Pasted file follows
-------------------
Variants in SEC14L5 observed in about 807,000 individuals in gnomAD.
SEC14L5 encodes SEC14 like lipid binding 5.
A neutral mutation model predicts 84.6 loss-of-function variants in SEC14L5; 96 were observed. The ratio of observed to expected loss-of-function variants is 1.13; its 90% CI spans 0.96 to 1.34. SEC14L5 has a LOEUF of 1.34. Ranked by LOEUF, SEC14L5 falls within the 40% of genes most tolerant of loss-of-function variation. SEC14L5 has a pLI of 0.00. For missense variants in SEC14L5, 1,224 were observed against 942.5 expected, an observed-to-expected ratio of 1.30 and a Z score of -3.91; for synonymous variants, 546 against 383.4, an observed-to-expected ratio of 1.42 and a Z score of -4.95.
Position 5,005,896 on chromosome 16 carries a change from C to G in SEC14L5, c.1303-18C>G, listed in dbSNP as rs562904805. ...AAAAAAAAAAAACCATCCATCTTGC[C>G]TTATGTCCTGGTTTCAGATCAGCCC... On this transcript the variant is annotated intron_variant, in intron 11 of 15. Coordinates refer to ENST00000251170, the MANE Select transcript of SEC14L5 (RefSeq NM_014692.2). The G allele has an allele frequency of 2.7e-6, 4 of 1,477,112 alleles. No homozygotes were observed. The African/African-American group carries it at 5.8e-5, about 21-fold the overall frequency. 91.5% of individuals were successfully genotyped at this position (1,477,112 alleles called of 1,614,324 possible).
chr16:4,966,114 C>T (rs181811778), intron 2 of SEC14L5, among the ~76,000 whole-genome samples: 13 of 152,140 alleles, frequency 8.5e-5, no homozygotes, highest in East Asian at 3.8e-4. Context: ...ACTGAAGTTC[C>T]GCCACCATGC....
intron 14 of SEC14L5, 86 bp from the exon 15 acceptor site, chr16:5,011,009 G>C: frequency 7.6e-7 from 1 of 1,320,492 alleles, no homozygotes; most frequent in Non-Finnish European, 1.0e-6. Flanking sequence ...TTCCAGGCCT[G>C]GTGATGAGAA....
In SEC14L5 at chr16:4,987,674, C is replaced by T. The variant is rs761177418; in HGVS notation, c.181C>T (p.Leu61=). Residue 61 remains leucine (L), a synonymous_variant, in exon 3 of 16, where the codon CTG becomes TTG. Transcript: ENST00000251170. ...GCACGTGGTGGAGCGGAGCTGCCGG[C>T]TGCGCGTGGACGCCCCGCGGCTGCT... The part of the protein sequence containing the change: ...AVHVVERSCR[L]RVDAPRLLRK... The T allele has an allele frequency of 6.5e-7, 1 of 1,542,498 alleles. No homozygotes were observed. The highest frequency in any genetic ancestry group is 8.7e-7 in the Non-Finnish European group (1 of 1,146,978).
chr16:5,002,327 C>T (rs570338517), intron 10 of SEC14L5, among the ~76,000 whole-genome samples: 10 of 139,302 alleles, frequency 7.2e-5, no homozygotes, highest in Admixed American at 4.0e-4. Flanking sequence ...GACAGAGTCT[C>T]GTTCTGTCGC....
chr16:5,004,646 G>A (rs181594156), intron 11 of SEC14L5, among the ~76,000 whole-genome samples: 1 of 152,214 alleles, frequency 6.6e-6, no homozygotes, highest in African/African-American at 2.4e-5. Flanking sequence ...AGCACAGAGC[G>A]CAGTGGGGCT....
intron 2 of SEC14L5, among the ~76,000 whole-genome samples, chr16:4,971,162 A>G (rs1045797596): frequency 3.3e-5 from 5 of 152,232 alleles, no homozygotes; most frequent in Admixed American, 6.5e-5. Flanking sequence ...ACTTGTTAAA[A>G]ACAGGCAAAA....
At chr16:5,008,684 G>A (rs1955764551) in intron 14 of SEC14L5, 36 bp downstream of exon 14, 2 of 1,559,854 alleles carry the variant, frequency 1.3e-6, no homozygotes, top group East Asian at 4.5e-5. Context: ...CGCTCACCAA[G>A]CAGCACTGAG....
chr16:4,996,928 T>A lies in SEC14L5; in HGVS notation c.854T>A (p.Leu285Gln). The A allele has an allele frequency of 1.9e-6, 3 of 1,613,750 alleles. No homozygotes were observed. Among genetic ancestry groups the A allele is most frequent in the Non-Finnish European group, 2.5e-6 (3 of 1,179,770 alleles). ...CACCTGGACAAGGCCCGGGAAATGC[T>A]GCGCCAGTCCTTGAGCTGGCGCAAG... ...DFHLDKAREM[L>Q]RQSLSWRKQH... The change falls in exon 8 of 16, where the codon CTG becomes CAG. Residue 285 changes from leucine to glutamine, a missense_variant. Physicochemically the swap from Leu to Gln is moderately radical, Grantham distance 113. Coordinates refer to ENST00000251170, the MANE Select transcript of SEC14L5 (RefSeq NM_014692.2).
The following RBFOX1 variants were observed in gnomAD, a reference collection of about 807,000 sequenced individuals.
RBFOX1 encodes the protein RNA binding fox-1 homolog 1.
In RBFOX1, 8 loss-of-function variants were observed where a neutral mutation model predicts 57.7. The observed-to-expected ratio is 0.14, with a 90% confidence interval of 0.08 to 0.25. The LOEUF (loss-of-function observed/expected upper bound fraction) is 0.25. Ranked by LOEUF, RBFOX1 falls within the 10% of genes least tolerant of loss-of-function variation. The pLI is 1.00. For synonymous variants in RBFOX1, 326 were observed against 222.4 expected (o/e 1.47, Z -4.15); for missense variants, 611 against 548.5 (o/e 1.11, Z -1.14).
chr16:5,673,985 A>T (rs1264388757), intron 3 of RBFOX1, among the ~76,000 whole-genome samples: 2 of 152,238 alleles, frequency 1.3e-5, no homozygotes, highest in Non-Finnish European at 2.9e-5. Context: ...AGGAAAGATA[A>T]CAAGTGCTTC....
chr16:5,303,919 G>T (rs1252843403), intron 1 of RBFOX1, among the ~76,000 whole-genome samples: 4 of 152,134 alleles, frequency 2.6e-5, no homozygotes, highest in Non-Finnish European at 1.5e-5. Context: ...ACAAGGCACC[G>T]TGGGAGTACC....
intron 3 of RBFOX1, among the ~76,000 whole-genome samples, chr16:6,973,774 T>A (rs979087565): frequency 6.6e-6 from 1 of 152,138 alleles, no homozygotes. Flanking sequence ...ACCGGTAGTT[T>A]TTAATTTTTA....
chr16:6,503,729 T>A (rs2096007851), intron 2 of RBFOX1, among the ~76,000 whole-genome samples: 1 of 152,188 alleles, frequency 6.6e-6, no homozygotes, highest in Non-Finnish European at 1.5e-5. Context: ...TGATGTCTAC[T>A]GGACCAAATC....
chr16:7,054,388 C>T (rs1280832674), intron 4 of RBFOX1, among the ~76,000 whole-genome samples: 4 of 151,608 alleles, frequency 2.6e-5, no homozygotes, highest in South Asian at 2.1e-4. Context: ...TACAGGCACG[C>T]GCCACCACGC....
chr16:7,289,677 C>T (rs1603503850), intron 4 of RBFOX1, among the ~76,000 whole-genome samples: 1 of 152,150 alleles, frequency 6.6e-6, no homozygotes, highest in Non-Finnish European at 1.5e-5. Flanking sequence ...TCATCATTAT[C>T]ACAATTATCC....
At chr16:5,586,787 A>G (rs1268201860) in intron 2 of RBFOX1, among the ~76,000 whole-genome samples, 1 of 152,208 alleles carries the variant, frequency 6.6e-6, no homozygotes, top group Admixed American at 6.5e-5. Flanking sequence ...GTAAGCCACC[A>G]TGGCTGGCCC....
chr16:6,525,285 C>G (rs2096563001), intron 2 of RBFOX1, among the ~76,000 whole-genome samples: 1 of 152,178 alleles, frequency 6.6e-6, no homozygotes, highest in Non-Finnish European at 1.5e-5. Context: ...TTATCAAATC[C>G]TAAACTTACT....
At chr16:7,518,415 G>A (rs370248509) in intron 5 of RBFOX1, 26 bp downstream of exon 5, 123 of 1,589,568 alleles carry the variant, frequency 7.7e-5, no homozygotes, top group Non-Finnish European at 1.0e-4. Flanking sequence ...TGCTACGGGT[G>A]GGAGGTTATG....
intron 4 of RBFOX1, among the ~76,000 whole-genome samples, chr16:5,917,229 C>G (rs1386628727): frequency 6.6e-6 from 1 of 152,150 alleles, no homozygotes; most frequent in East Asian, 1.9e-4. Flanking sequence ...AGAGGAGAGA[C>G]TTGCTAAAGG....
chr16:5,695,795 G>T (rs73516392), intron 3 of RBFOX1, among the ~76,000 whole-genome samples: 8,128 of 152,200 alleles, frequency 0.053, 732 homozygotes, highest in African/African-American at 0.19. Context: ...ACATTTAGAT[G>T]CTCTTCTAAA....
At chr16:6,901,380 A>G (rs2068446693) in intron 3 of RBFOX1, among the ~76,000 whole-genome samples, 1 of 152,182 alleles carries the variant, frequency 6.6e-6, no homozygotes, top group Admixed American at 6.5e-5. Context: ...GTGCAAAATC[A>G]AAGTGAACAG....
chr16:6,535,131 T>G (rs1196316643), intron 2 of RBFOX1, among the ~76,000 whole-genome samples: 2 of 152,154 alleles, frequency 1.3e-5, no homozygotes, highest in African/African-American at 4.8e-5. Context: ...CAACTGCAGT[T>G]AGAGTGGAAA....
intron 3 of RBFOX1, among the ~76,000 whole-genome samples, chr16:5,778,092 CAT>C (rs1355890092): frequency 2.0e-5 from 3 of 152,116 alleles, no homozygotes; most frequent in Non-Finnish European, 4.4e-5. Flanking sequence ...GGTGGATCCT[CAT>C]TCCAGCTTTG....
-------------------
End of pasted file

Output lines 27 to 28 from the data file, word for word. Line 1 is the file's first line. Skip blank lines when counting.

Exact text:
At chr16:6,901,380 A>G (rs2068446693) in intron 3 of RBFOX1, among the ~76,000 whole-genome samples, 1 of 152,182 alleles carries the variant, frequency 6.6e-6, no homozygotes, top group Admixed American at 6.5e-5. Context: ...GTGCAAAATC[A>G]AAGTGAACAG....
chr16:6,535,131 T>G (rs1196316643), intron 2 of RBFOX1, among the ~76,000 whole-genome samples: 2 of 152,154 alleles, frequency 1.3e-5, no homozygotes, highest in African/African-American at 4.8e-5. Context: ...CAACTGCAGT[T>G]AGAGTGGAAA....